The names of ten Made in Derby celebrities were unveiled in a city centre ceremony that also launched the city’s first augmented reality trail. It was also announced that a second trail will be created in 2019.
The trail combines public art installations with computer-generated information to tell the Derby story through the people who have made a significant contribution to the city.
The ten who are sharing eight plaques embedded into Albion Street and Exchange Street are:
- Alice Wheeldon, Derby’s most famous suffragist and a fervent anti-First World War campaigner;
- Bess of Hardwick, England’s richest Elizabethan woman after Queen Elizabeth I used her considerable wealth to help Derby poor and needy;
- Brian Clough and Peter Taylor, the top management duo that took Derby football from obscurity to national fame;
- John Hurt, in recognition of his sterling contribution to the arts as an accomplished actor;
- Joseph Wright, globally recognised English landscape and portrait painter and the first to express the spirit of the Industrial Revolution;
- Louis Martin, the Jamaican-born sportsman from the Windrush generation who became Britain’s greatest-ever Olympic weightlifter;
- Philip Noel-Baker, a former MP for Derby, credited with saving the 1948 Olympic Games for Britain;
- Charles Rolls the pioneer aviator and Henry Royce the engineer and designer who formed Rolls-Royce which sets the global standard for excellence in automotive and aviation technology.
Relatives and associates of the stars unveiled plaques during a ceremony in Derby city centre.
Made in Derby is a joint project, involving Derby City Council, Derby Telegraph and local business leaders and part-funded by the D2N2 Local Enterprise Partnership; the private sector-led partnership promoting economic growth, jobs and business start-ups in Derby, Derbyshire, Nottingham and Nottinghamshire.
The ten celebrities, noted for their achievements in business, visual & performing arts, sports, politics, peace campaigning, innovation and industry, were selected from hundreds of public nominations by a panel comprising the Mayor of Derby, Derby Telegraph, Quad, Derby Museums, Marketing Derby and St Peters Quarter Business Improvement District.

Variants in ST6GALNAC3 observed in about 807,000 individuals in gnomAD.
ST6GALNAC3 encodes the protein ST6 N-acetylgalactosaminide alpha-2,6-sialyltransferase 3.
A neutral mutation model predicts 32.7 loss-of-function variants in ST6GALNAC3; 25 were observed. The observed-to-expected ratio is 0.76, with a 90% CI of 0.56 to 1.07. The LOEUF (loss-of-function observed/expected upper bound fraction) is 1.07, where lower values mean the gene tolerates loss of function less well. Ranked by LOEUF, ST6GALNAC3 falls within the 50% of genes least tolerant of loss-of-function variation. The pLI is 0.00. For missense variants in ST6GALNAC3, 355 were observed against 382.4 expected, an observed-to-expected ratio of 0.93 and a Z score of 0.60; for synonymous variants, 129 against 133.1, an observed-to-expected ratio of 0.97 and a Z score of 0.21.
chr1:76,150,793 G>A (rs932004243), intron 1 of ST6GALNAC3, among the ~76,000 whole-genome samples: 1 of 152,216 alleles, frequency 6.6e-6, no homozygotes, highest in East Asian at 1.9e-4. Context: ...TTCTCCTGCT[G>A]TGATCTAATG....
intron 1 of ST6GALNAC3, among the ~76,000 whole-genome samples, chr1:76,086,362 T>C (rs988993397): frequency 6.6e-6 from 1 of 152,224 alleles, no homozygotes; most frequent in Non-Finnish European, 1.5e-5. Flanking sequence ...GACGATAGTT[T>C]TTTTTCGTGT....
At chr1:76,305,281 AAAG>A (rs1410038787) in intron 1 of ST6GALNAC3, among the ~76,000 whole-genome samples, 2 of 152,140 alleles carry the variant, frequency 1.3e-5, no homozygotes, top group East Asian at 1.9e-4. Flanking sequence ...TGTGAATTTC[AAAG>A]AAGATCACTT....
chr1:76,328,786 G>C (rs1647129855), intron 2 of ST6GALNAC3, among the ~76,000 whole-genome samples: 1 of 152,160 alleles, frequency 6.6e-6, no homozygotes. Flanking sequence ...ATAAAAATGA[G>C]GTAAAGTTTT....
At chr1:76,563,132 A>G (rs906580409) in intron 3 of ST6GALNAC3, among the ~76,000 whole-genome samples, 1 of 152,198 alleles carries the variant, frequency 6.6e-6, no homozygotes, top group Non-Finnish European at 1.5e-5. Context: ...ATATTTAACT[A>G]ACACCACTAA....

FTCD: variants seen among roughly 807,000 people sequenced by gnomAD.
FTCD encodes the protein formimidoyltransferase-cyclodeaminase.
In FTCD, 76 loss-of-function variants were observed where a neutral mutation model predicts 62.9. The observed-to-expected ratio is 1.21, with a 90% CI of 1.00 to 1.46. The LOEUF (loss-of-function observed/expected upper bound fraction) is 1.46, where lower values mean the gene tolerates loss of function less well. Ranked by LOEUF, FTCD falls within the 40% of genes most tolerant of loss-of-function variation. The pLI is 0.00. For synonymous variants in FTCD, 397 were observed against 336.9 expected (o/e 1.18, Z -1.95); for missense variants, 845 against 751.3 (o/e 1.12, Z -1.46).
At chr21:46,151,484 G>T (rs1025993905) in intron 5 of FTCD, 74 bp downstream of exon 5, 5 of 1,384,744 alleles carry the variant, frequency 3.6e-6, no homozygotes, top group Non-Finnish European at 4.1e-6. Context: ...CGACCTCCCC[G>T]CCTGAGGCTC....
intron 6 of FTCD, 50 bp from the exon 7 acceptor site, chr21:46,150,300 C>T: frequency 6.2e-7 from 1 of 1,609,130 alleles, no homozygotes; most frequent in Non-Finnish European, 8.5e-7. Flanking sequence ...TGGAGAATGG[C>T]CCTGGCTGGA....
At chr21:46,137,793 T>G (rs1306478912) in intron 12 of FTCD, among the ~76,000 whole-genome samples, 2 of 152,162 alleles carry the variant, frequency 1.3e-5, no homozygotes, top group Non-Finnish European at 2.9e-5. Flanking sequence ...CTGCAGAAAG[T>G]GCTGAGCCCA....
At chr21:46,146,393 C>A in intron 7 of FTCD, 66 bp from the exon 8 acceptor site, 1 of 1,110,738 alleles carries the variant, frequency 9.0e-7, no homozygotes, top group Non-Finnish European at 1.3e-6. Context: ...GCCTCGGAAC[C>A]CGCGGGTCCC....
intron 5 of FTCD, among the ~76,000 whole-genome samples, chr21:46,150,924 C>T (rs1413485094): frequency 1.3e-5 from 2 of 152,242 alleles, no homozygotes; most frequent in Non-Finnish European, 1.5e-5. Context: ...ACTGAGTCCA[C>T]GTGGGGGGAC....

Chair of the selection panel, Steve Hall, told crowds gathered to watch the unveiling that the time has come for Derby to do more to honour its own.
Many of us had long felt that Derby had not done enough to publicly celebrate its fantastic heritage and that feeling returned as City of Derby swimmer Adam Peaty raced to gold in the 2016 Olympic Games in Rio.
How could it be that our people were fêted around the world but there was so little obvious in the city where they were born or where they had such strong associations to celebrate their achievements?
A group of us from across the business and political sectors decided the time had come to rectify matters – and, with leadership from the Derby Telegraph and Derby City Council, and funding from the D2N2 Local Enterprise Partnership, momentum gathered behind the campaign.
Made in Derby Part II
For centuries, Derby has been at the cutting edge of industry and technology and this augmented reality trail bring us another first. Today, Derby is the UK’s number one hi-tech city. Blazing technological trails, such as this one, is part of our DNA as a city.
The original Made in Derby concept is to expand this trail to honour people from all walks of life who have helped to contribute towards the very essence of Derby.
Our Local Enterprise Partnership, D2N2, has part-funded this £70,000 project and they have agreed to allocate another £80,000 for the next phase. This allocation is being provided from their current investment of £1.65m in our city centre improvement scheme and it is my hope that there would be consensus among all actors to make this happen.
We are appreciative of their unswerving partnership with us on our journey to transform Derby into a City of Choice for residents, businesses and visitors.
Matthew Wheatley, Interim Chief Executive of the D2N2 Local Enterprise Partnership said:
A strong and vibrant city centre is vital to an area’s economy if it is to attract new investors and retailers, and create jobs. That is why we have worked closely with Derby City Council on the Made in Derby project, as part of the city’s wider placemaking project.
Each plaque has an augmented reality feature. When scanned with the Made in Derby App, it superimposes a computer-generated image on a user’s view of the real world and provides people with a way of learning more about the individuals and their achievements.
Derby becomes the first city in Europe to use this technology in its walk of fame. The app is available free of cost from Google Play and the App Store.
Last November, nominations for names on the plaques were invited and there were numerous recommendations in many fields of endeavour. The final ten that were selected represent people in business, visual & performing arts, sports, politics, peace campaigning, innovation and industry.
The artwork is being produced and installed by artist Tim Clapcott, who also created the Friar Gate heads on Derby’s Friar Gate and the Talking Heads at Speakers Corner.
Made in Derby, costing £70,000, is part of a bigger £1.9m Derby City Council city centre improvement scheme in which D2N2 has invested £1.65m from its Local Growth Fund allocation.